I have actively chosen to move through this year as a challenge instead of a problem and it has been monumental for my mental wellbeing. Challenges are on trend these days, right? My kids are always asking to do random YouTube inspired feats. 24-hour box fort challenge. 24-hour trampoline challenge. 24-hour bedroom challenge. Slime bubble challenge. I could go on forever with the nonsense that tends to somehow want to occupy an entire day.

We grown-ups have trendy challenges also to join with others or go it alone. 30 Day No Sugar, 14 Days of Gratitude, 30 Days of Planks, 21-day Blah-blibbity Blah. I get it. Challenges are cool and get us in motion.

We can probably agree that 2020 has dished out layers of problematic challenges. Remember the Spring Break that hasn’t stopped? Did anyone expect that to turn into Shelter in Place With Your Family Challenge? Are we still doing that? How about, Clean the Groceries Challenge or the Try Not to Judge People Who Don’t Wear a Mask Challenge?

The last one was a joke. Dang, it’s tense out there!

2020 has been the most disruptive year we’ve all gotten to share collectively. It’s been challenging and NOT in the “Hey y’all! Who wants to do a 30 Day Declutter Challenge with me?” I actually did get to experience some of that urge, along with, painting all the things, planting a garden, and of course, we got a puppy. Nothing happily distracts from the uncertainty of 2020 like a fluffy Goldendoodle.

challenge instead of a problem

I have never, ever previously had the urge or inspiration to homeschool my children. Fifteen minutes of homework can (I’m looking at you Common Core Math) somehow turn into 45 minutes of torture. Also, I’m not the most structure loving person. My parenting style is a little free range-ish. Stuff gets done, the kids all say “yes, ma’am” and “no, sir” but there are dirty feet and a loose bedtime routine.

Spring Break 2020 transitioned right into Distance Learning and even though it’s not technically “homeschooling” everyone got a glimpse of what that might kinda, sorta be like. Whoa! That was nuts for everybody on some level or twenty. I’m over here, wiping down groceries, trying to get my husband to turn the dang news off, setting all sorts of alarms to make sure the kiddos are set up to be on their scheduled class conferences, that is IF the website isn’t down. Everything felt chaotic and foreign and a little sad but I rolled with it. I laughed it off constantly with, “I am SO not a homeschool mom

God, The Universe, Source, whatever you want to call upon has a funny (not funny) sense of humor and I am grateful for the parenting grace I don’t withhold from myself.

I feel like this year is full of opportunities to learn and grow. I don’t think I’ll be escaping it without showing up differently for myself and my family. Low and behold, I have chosen option number 4 for schooling my children this year. Never say never because that magical phrase increases the odds of you most likely landing in the ironic position of doing the exact thing you said you would not ever do.  Like a stubborn little kid energetically projecting that they are going to show you a thing or two. Good times!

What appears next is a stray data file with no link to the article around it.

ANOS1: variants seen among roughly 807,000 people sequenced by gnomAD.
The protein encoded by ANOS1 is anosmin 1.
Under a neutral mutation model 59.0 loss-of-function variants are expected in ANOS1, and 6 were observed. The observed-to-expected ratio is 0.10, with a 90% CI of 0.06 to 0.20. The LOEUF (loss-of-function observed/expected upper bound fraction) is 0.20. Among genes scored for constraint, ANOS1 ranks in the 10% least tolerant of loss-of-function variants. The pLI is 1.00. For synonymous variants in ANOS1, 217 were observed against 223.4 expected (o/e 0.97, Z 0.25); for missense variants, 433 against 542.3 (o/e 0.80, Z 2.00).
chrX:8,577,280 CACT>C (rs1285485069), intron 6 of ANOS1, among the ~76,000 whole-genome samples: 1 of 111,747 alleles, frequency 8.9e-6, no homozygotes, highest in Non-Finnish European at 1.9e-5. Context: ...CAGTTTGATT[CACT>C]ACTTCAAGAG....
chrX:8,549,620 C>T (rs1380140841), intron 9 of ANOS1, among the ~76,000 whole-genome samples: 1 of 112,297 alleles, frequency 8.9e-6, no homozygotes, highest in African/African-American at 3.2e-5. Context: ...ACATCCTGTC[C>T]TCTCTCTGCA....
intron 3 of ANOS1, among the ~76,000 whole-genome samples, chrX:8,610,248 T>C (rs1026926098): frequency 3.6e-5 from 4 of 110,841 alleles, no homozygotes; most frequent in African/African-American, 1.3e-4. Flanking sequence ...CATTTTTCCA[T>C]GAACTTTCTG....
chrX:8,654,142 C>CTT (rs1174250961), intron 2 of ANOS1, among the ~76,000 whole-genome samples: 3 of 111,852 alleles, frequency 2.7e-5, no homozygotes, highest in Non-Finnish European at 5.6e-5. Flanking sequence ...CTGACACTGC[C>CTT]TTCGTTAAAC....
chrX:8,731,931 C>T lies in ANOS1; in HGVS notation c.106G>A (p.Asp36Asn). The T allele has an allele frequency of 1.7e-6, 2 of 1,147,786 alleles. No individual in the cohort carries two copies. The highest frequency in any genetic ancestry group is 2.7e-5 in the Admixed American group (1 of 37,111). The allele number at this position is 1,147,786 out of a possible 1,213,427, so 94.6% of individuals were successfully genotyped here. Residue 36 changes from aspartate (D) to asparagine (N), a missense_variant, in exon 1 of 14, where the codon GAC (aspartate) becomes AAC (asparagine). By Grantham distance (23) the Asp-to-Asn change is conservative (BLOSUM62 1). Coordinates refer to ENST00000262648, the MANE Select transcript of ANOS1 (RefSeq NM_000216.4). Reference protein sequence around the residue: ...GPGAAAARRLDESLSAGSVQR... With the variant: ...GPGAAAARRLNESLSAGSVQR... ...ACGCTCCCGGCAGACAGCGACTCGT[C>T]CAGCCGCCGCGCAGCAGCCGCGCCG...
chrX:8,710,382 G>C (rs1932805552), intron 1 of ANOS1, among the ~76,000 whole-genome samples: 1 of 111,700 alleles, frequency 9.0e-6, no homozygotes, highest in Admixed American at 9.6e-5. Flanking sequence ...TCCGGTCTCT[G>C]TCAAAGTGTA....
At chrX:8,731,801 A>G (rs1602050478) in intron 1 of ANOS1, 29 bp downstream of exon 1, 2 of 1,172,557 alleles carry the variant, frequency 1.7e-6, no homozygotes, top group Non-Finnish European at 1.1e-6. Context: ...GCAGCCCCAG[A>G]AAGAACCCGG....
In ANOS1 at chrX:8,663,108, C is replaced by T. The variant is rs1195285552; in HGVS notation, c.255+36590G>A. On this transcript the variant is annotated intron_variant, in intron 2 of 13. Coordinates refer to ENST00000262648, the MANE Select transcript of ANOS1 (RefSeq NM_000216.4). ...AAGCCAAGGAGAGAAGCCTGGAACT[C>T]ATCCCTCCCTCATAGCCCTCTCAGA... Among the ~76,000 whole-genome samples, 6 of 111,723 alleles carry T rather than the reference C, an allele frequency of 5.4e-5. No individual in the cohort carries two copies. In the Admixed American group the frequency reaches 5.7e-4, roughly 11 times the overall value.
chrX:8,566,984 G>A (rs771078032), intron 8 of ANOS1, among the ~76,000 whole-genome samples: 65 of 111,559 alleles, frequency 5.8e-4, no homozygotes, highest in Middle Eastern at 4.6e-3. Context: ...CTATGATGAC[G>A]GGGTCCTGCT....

challenge instead of a problem

Is this a problem or a challenge and what even is the difference?

Here are the definitions to help contemplate.

Problem (n.) – a matter or situation regarded as unwelcome or harmful and needing to be dealt with and overcome. (YUCK)

Challenge (n.) – a call to take part in a contest or competition OR a task or situation that tests someone’s abilities  (HARD BUT NOT YUCK)

Problems feel, heavy, inflicted, often outside of my control, even a little victim-y like something has happened to me. Challenges feel, well, definitely more within my control and ability to DO something or at the very least figure out a solution.

I’ve chosen to do something I said I would never do and I’m embracing it as a challenge instead of viewing it as a problem. I hope my children feel the difference as we figure this out on the way. It’s a One Year Homeschool Challenge with kids in kindergarten, 6th, and 7th grade. I get to make the supply lists and create our schedules. We aren’t buying backpacks and my grocery bill will not be going down anytime soon. I’ve also promised the kids we’ll go to Chic-fil-a for lunch once a week. That’s nothing new but it made them happy, as only waffle fries can do.

Whatever challenge you’ve chosen to embark on while we continue to move through this pandemic, I hope you’re able to frame it with empowerment and know that you can do hard things even if it’s something you said you’d never do.

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Lauren Holtzclaw
Relocating to St Augustine by way of Alabama in 2012 proved to be the catalyst of change for this mama. Widowed in 2013, life brutally yanked the rug out from underneath Lauren and her three young children. “Not done” was her mantra as she bravely took steps to create a new life on her own terms. She unexpectedly found new love and received a sweet plot twist with a fourth bonus baby in 2015. Unbecoming all that she was to step into her happiest, most authentic version to date has been her favorite part of the journey. Leaning into curiosity she’s now lit up by all things woo-woo, neuroscience and personal development. Using energy and her intuitive gifts she now has the honor of guiding women to heal their past and create an empowered future as a Neuro-Transformational Results Coach.

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